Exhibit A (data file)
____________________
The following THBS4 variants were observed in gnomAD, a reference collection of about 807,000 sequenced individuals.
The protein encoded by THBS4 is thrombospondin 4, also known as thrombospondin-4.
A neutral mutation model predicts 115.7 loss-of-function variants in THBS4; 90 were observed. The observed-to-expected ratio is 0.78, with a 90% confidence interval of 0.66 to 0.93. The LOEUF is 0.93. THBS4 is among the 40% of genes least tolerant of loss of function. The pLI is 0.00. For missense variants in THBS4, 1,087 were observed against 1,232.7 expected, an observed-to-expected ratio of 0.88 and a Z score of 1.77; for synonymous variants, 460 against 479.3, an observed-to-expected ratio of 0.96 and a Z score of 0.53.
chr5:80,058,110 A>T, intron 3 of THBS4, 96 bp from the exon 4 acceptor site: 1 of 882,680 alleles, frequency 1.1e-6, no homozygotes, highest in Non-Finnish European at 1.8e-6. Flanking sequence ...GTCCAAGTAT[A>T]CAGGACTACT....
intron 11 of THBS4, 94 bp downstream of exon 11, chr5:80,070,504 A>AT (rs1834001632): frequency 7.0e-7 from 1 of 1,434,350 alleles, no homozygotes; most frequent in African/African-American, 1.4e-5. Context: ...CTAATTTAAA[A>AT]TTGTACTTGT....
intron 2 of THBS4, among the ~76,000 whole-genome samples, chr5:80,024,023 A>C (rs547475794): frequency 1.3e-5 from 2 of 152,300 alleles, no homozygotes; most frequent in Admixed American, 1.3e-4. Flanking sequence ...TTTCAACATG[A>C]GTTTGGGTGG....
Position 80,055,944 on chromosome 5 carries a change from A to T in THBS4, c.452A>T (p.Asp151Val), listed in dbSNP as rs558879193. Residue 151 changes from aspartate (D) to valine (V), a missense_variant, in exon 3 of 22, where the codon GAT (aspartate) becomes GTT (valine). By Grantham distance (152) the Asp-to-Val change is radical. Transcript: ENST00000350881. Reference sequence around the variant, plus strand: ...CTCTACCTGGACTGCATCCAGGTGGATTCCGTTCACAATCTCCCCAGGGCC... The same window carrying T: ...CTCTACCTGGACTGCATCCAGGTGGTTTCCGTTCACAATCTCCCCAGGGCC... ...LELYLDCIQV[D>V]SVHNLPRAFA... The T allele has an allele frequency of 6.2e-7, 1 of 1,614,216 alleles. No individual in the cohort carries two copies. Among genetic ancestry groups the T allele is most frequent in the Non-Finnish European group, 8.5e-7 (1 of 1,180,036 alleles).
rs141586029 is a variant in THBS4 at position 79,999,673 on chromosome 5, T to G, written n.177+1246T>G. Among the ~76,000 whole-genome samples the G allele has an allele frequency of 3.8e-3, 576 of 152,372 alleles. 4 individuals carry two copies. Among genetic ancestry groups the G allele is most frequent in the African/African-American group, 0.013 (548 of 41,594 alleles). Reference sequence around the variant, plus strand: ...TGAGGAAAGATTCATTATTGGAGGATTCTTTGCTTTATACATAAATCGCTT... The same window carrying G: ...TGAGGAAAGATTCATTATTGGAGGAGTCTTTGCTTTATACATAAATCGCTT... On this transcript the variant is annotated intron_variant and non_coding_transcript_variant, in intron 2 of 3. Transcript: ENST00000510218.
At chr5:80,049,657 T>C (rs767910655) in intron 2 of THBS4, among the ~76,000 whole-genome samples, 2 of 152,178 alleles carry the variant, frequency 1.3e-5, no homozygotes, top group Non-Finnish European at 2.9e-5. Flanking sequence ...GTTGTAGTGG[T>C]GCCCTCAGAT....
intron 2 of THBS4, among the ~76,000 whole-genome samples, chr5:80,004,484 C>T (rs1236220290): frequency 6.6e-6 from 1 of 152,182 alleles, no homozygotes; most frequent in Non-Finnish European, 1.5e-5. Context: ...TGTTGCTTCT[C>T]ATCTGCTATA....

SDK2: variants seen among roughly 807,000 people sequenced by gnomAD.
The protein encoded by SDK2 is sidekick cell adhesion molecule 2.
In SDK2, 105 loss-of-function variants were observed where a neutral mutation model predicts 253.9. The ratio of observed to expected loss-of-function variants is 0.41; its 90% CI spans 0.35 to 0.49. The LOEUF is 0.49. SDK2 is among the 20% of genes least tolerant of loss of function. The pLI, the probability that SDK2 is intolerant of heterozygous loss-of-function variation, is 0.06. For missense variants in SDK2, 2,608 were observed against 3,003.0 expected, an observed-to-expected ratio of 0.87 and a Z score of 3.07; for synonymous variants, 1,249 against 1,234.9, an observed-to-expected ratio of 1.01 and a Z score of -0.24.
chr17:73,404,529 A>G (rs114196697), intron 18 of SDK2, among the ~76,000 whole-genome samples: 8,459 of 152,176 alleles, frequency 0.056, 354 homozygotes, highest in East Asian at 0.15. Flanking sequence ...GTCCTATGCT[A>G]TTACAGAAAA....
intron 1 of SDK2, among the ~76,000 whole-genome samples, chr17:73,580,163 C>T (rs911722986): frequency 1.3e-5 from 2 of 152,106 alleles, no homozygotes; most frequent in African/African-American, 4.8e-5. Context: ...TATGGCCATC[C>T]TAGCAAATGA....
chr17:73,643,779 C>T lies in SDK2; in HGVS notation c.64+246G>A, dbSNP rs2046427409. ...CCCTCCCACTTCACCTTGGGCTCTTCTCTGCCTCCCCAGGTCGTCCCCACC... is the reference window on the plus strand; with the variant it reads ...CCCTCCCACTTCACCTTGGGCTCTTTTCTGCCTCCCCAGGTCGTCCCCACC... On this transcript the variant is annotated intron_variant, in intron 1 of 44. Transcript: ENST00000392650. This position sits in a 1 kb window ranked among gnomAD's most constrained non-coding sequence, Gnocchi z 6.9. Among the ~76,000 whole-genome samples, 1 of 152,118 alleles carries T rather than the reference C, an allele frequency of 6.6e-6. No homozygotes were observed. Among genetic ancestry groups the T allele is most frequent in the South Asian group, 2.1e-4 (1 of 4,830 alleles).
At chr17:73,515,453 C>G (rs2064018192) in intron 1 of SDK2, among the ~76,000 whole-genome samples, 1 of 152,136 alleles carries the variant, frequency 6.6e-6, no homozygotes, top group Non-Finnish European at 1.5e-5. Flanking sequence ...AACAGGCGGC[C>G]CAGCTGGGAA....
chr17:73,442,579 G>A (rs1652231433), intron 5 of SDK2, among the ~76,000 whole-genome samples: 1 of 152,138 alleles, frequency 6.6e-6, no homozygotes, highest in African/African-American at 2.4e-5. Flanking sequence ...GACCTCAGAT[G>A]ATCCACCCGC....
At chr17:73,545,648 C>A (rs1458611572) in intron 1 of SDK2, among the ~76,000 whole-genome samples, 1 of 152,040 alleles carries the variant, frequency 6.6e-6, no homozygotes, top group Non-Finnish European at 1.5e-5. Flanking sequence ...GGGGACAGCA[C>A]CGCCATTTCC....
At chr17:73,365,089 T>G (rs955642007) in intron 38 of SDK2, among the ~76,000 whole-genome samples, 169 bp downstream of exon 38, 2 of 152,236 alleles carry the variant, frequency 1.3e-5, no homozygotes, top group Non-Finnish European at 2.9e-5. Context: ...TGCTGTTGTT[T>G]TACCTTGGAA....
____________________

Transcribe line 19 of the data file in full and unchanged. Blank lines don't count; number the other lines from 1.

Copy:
At chr17:73,545,648 C>A (rs1458611572) in intron 1 of SDK2, among the ~76,000 whole-genome samples, 1 of 152,040 alleles carries the variant, frequency 6.6e-6, no homozygotes, top group Non-Finnish European at 1.5e-5. Flanking sequence ...GGGGACAGCA[C>A]CGCCATTTCC....